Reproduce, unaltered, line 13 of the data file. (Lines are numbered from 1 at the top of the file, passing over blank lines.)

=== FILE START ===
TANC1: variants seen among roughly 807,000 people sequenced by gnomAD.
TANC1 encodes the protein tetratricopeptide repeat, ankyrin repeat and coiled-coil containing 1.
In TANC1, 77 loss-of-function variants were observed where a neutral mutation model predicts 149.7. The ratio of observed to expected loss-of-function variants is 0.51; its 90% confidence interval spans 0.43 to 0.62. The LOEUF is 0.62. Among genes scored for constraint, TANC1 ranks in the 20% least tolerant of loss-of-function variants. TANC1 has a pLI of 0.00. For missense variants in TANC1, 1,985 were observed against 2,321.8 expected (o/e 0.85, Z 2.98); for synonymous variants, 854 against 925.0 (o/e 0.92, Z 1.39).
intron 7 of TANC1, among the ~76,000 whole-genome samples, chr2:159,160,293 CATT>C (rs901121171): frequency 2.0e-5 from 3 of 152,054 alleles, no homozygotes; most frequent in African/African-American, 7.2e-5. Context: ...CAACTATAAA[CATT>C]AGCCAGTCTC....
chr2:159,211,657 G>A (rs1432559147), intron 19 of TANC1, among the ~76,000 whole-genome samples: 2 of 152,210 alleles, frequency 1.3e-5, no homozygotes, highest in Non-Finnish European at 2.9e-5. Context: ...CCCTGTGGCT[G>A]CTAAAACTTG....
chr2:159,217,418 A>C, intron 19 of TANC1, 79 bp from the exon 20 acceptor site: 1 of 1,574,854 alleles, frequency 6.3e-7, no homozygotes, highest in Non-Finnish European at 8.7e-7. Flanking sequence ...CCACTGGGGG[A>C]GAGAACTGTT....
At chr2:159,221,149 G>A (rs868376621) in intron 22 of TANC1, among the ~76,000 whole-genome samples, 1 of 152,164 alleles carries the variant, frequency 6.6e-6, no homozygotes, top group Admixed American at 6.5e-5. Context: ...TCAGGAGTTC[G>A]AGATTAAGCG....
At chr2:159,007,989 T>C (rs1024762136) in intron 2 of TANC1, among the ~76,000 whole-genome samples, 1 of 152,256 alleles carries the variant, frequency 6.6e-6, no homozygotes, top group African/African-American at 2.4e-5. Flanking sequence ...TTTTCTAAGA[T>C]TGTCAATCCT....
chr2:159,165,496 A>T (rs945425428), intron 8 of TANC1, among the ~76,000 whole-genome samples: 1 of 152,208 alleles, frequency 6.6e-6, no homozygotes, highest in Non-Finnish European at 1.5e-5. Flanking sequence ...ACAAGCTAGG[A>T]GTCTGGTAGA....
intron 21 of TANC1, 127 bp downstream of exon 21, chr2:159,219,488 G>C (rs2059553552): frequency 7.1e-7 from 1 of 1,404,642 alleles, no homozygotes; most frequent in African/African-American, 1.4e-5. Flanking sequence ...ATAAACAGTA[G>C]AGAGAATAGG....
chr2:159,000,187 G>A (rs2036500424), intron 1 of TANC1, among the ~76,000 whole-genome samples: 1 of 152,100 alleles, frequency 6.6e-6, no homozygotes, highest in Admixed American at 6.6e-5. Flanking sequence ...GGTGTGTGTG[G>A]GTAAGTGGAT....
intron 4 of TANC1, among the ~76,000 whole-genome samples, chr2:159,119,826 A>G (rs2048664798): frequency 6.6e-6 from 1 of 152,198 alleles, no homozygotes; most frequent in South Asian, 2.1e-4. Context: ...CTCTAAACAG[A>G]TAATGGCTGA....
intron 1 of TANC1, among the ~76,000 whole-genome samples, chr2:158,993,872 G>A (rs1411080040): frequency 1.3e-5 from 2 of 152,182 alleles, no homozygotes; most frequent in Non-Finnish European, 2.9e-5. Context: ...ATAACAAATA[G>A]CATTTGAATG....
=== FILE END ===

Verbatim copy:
intron 1 of TANC1, among the ~76,000 whole-genome samples, chr2:158,993,872 G>A (rs1411080040): frequency 1.3e-5 from 2 of 152,182 alleles, no homozygotes; most frequent in Non-Finnish European, 2.9e-5. Context: ...ATAACAAATA[G>A]CATTTGAATG....